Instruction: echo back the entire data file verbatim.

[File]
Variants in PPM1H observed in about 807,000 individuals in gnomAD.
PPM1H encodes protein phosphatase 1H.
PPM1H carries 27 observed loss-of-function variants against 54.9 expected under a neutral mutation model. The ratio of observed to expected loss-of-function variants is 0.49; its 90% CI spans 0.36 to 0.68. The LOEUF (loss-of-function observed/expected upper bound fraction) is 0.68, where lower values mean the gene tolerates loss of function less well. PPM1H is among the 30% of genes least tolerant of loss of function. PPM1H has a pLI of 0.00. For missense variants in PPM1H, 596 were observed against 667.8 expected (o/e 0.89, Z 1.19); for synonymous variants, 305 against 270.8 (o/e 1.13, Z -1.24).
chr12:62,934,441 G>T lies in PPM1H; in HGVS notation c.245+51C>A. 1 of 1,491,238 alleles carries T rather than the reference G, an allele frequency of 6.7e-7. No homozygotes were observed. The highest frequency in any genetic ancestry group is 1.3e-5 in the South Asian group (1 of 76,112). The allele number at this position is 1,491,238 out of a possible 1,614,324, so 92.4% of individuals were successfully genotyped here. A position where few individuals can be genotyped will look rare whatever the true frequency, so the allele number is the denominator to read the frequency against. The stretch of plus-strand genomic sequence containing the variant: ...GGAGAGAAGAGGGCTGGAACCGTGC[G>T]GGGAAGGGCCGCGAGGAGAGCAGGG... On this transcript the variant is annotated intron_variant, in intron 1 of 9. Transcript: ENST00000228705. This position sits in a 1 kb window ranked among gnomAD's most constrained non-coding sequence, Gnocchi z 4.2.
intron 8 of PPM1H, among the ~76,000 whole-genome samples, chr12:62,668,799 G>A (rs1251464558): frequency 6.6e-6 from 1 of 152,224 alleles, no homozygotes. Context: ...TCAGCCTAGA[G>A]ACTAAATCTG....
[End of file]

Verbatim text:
Variants in PPM1H observed in about 807,000 individuals in gnomAD.
PPM1H encodes protein phosphatase 1H.
PPM1H carries 27 observed loss-of-function variants against 54.9 expected under a neutral mutation model. The ratio of observed to expected loss-of-function variants is 0.49; its 90% CI spans 0.36 to 0.68. The LOEUF (loss-of-function observed/expected upper bound fraction) is 0.68, where lower values mean the gene tolerates loss of function less well. PPM1H is among the 30% of genes least tolerant of loss of function. PPM1H has a pLI of 0.00. For missense variants in PPM1H, 596 were observed against 667.8 expected (o/e 0.89, Z 1.19); for synonymous variants, 305 against 270.8 (o/e 1.13, Z -1.24).
chr12:62,934,441 G>T lies in PPM1H; in HGVS notation c.245+51C>A. 1 of 1,491,238 alleles carries T rather than the reference G, an allele frequency of 6.7e-7. No homozygotes were observed. The highest frequency in any genetic ancestry group is 1.3e-5 in the South Asian group (1 of 76,112). The allele number at this position is 1,491,238 out of a possible 1,614,324, so 92.4% of individuals were successfully genotyped here. A position where few individuals can be genotyped will look rare whatever the true frequency, so the allele number is the denominator to read the frequency against. The stretch of plus-strand genomic sequence containing the variant: ...GGAGAGAAGAGGGCTGGAACCGTGC[G>T]GGGAAGGGCCGCGAGGAGAGCAGGG... On this transcript the variant is annotated intron_variant, in intron 1 of 9. Transcript: ENST00000228705. This position sits in a 1 kb window ranked among gnomAD's most constrained non-coding sequence, Gnocchi z 4.2.
intron 8 of PPM1H, among the ~76,000 whole-genome samples, chr12:62,668,799 G>A (rs1251464558): frequency 6.6e-6 from 1 of 152,224 alleles, no homozygotes. Context: ...TCAGCCTAGA[G>A]ACTAAATCTG....